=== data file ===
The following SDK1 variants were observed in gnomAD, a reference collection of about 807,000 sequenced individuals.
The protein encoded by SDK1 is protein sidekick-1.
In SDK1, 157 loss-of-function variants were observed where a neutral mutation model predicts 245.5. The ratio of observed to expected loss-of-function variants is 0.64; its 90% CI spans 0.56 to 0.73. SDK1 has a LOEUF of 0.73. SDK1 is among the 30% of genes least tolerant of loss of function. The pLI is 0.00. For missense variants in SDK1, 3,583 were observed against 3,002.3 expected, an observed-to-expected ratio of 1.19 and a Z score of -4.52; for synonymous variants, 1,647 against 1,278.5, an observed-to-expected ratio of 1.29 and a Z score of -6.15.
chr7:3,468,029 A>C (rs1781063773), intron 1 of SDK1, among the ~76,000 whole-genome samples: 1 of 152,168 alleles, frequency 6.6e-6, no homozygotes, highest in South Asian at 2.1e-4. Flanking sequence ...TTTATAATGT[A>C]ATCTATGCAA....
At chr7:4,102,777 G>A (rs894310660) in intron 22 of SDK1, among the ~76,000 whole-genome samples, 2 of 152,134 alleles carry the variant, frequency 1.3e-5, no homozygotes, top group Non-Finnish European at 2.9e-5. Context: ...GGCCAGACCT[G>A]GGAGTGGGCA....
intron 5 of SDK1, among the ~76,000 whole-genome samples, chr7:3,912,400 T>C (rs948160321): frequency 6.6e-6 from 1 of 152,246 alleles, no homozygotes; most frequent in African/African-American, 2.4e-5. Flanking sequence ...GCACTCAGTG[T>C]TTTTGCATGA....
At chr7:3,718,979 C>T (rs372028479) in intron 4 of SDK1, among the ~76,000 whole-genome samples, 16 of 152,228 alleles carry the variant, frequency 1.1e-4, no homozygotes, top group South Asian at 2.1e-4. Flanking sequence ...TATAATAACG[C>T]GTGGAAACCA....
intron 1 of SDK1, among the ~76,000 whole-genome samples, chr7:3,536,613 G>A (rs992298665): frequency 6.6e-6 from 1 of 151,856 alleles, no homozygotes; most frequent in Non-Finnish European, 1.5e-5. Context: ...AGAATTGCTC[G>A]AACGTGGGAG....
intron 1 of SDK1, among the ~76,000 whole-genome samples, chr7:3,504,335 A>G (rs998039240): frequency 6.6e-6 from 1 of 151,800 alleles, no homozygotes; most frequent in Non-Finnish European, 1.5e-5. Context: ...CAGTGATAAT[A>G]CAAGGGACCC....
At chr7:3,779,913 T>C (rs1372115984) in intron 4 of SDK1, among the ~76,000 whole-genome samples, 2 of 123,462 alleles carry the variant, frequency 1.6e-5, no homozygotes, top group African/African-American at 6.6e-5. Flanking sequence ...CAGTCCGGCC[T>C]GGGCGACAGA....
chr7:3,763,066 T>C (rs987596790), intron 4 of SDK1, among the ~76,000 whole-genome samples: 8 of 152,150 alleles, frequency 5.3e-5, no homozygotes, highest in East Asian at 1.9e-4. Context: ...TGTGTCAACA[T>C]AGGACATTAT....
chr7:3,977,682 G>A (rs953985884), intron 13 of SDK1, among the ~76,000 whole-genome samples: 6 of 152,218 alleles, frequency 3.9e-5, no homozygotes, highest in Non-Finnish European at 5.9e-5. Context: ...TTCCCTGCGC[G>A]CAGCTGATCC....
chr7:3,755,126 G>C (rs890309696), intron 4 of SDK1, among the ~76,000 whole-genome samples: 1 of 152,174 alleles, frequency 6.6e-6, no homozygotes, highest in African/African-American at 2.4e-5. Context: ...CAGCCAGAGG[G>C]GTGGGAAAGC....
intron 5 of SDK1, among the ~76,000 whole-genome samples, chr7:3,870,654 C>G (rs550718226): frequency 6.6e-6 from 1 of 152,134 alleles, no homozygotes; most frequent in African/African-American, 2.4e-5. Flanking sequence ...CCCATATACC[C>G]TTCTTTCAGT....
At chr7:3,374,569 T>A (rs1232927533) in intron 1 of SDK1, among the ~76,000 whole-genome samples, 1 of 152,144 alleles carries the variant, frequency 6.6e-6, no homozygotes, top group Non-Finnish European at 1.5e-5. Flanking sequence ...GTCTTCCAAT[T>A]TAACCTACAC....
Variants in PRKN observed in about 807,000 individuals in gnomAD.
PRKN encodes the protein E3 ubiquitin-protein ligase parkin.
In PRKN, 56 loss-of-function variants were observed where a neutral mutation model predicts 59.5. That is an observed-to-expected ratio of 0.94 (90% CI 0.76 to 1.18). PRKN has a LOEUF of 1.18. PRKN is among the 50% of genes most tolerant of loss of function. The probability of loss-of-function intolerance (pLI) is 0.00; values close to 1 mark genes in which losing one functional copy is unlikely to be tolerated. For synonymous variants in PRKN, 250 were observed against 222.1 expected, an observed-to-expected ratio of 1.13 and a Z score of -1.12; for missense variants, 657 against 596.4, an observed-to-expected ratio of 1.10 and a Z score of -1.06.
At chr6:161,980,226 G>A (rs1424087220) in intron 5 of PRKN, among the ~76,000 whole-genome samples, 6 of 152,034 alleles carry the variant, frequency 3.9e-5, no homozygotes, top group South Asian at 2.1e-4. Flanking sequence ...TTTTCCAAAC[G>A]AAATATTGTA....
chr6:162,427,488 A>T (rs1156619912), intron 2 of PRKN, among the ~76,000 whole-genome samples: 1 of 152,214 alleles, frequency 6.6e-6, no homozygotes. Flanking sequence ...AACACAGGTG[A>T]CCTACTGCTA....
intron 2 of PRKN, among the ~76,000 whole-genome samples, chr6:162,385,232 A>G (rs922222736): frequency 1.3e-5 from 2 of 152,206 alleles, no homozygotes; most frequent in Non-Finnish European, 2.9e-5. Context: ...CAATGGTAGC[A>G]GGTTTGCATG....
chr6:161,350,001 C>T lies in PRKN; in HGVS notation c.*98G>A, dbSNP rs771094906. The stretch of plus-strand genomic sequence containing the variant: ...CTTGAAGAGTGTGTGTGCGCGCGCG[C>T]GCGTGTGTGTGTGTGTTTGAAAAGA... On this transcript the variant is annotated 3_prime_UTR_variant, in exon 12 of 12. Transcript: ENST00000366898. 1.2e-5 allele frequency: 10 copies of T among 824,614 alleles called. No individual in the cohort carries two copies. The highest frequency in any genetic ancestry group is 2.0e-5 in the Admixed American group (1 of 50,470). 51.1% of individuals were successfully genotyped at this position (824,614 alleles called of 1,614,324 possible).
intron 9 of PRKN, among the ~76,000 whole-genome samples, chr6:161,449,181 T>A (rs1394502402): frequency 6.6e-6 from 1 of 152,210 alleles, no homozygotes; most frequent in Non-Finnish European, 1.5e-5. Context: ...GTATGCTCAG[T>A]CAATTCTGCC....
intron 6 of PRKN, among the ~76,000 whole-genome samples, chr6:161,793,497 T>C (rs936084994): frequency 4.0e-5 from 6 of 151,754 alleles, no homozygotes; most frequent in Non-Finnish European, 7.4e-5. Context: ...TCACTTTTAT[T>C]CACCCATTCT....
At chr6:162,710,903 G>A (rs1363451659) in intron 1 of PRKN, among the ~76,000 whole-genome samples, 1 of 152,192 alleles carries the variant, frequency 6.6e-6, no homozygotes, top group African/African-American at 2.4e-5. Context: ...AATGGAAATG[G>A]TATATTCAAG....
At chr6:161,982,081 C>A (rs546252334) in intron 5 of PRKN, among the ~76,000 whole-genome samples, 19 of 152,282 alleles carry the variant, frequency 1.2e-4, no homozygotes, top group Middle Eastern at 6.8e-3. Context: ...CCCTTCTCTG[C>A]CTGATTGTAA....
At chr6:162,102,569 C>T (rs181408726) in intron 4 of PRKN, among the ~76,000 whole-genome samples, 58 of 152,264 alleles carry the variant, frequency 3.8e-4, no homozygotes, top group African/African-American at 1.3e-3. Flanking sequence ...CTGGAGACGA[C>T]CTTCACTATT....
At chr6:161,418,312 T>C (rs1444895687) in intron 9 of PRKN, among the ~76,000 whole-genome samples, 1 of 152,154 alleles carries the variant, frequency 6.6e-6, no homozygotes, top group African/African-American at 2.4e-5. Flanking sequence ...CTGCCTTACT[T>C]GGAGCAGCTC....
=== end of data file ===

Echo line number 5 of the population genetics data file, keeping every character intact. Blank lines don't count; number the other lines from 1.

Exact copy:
At chr7:4,102,777 G>A (rs894310660) in intron 22 of SDK1, among the ~76,000 whole-genome samples, 2 of 152,134 alleles carry the variant, frequency 1.3e-5, no homozygotes, top group Non-Finnish European at 2.9e-5. Context: ...GGCCAGACCT[G>A]GGAGTGGGCA....